The plan says nothing about non-state actors, notably Hizbullah - for all practical purposes, an agent of Iran - and Hamas in control of the Gaza Strip, and what they will do, no matter what the leaders of Arab countries decide to sign on.

The plan refers to rights to repatriation of the descendants of approximately 600,000 Palestinian refugees from 1949, but ignores the rights of some 870,000 Jewish refugees from Arab lands and their descendants. Nor is there any reference to the effect of Arab pressures on the British Mandate in bringing about the White Paper, which was, for all practical purposes, a death sentence for millions of Jews caught in Hitler's Europe. The harsh truth is that neither Palestinian nor Jewish survivors or descendants can return to the homes of their parents.

THE APPALLING treatment of religious minorities by many Arab regimes is another reason for skepticism concerning the Saudi plan. Coptic and Assyrian Christians, Baha'is, Armenians, Yazdis and other minority religious group have experienced persecution, expulsions and genocidal mass atrocities in many of the 29 countries, notably Egypt, Iraq, Sudan and Iran. In the PA itself, since the Oslo Accords, the Christian population is rapidly diminishing. Here would be the elements of an Israeli answer to the billion or so people in the Arab and Islamic world.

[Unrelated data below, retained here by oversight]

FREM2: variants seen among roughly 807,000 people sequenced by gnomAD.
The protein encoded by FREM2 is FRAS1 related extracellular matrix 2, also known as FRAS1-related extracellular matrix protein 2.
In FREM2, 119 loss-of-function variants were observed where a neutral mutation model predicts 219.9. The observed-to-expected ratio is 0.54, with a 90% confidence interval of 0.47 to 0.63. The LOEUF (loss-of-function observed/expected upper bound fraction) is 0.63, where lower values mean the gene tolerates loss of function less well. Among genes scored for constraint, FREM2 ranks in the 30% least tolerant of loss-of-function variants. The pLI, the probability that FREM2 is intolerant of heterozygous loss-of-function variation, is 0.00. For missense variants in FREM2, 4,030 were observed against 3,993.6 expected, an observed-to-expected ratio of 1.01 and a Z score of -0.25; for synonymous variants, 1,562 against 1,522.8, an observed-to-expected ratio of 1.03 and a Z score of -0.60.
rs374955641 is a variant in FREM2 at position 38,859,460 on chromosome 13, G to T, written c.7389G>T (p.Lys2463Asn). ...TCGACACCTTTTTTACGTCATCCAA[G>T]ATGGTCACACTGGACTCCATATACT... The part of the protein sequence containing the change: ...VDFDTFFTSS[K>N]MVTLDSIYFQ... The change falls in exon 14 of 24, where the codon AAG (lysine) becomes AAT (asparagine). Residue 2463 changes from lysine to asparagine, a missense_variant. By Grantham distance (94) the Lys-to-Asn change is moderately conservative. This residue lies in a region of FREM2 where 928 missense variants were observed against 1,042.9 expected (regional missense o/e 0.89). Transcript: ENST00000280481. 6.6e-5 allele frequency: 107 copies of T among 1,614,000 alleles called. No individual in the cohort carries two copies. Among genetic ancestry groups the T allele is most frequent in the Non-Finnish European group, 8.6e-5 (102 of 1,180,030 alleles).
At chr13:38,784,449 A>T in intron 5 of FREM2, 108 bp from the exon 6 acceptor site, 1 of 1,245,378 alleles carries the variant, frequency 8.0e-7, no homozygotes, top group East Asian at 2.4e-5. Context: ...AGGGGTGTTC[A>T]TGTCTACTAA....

The first requirement of any peace plan has to be respect for life and human dignity of all minorities in the region. This means respecting the sacrosanct status of Israel's existence and security, and in parallel, stopping the persecution, overt and covert, of religious minorities and eliminating incitement and hate language in school texts, mosques and media. It means fostering more open and direct contacts on based on respect for life, live and let live, and promoting such contacts in matters which promote and protect life, not death: water technology, agriculture, renewable energy, public health and medicine.

Israelis expect respect for human life and dignity, not dhimmitude.

Elihu D. Richter
The Jerusalem Post

The writer has been involved in regional projects in cooperation in public health for the past 25 years, and is now investigating the effects of incitement in promoting genocide.